EpiPen, owned by pharmaceutical company Mylan, is the only FDA certified epinephrine auto injector on the market. In 2009, a two-pack of EpiPens sold for $124, according to Forbes Magazine. At the end of 2012, the price rose to $241. Today, a two-pack of EpiPens sells for $608.
Mylan now makes 40 percent of its total profits from the EpiPen, that is a $1 billion annual profit from an injection that uses less than $1 of epinephrine.
Researchers at the Food Allergy Research & Education (FARE) organization have found that nearly 15 million people in the United States are affected by food allergies. When coming to Harding in the fall of 2013, senior Amy Davis was one of those 15 million, having been just diagnosed with an allergy to tree nuts. With her diagnosis, her doctor gave her a prescription for an EpiPen — an injection containing epinephrine, a hormone which opens up airways in the lungs during a severe allergic reaction.
According to Chair of Harding’s Graduate School of Business, Glen Metheney, Mylan did what most companies dream of achieving from a business angle: taking a basic product and turning it over for a great profit. Mylan used public awareness campaigns and education on the dangers of child allergies and created a successful product.
“It is maybe price gouging, but it’s also a free market,” Metheney said.
In January 2013, a competitor to the EpiPen which was released, Auvi-Q, which listed at the same price as the EpiPen, according to Forbes. Six months after Auvi-Q’s release, EpiPen raised its cost from $241 to $265 in July of 2013. Two weeks later, Auvi-Q’s list price went up to $277. In November 2013, EpiPen raised its price to $304, and in December, Auvi-Q’s price went up to $334. By the time Auvi-Q recalled in 2015, its list price was $509, while EpiPen’s was $461.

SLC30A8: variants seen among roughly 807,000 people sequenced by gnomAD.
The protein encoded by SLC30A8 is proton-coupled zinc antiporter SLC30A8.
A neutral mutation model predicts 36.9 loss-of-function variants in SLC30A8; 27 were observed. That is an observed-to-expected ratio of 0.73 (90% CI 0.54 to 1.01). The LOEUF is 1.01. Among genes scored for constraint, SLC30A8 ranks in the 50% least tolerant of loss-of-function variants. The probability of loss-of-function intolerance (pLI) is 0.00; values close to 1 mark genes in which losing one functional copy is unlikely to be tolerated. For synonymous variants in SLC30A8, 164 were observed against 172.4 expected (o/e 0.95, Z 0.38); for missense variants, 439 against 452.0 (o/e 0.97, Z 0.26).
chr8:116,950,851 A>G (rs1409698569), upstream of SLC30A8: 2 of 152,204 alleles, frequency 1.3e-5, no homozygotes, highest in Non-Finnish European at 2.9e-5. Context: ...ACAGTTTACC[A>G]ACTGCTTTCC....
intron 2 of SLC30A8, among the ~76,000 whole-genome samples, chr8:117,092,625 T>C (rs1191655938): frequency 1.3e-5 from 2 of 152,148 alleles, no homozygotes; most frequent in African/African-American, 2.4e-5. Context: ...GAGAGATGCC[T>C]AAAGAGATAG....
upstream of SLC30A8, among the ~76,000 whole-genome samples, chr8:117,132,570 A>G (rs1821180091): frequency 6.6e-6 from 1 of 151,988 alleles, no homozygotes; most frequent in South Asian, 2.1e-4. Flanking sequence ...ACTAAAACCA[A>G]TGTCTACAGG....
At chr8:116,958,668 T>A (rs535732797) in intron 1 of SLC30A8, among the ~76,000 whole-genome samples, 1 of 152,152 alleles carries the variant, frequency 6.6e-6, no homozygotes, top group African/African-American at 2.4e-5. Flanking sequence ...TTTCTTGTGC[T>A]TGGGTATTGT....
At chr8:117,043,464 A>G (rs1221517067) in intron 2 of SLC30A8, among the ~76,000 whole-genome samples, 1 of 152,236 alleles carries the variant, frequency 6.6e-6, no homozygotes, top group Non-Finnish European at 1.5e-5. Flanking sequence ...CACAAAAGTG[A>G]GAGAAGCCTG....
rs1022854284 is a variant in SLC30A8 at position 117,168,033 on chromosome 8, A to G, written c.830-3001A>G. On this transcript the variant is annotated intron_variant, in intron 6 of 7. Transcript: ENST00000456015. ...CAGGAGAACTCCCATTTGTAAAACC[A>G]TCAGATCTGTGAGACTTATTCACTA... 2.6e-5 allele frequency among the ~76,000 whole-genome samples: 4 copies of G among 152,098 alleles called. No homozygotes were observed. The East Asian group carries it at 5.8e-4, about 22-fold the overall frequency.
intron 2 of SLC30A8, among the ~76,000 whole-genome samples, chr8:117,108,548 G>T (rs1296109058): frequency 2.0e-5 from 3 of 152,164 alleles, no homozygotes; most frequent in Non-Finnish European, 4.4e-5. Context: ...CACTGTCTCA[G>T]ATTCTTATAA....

According to the FARE website, every three minutes a person is sent to the emergency room due to a food-related allergic reaction.
“Thankfully, I’ve never had to use my EpiPen,” Davis said, “but I have one that talks you through what to do; it actually has a little Siri in there telling you what to do.”
Although Davis has an unused EpiPen, she is still affected by the price-raise.
“I’m going to need to get a new one since they expire,” Davis explained. “I am frugal at my core, and I’m a poor college student; I’ll probably just not get one. Fingers crossed I don’t eat any cashews.”
The sticker shock of EpiPen is forcing many people — even those who don’t use the product — to seek other options or not purchase epinephrine at all. There are currently three products on the market in the United States: EpiPen, Adrenaclick and Epinephrine authorized generic. EpiPen has a patient assistance program that allows customers 200 percent under the poverty line to receive the product for free, as well as a Mylan savings card that saves customers up to $300, depending on their insurance. Andrenaclick is an auto-injector similar to EpiPen, and depending on insurance, copays, and manufacturer coupons, a two-pack of Adrenaclick can cost as little as $140.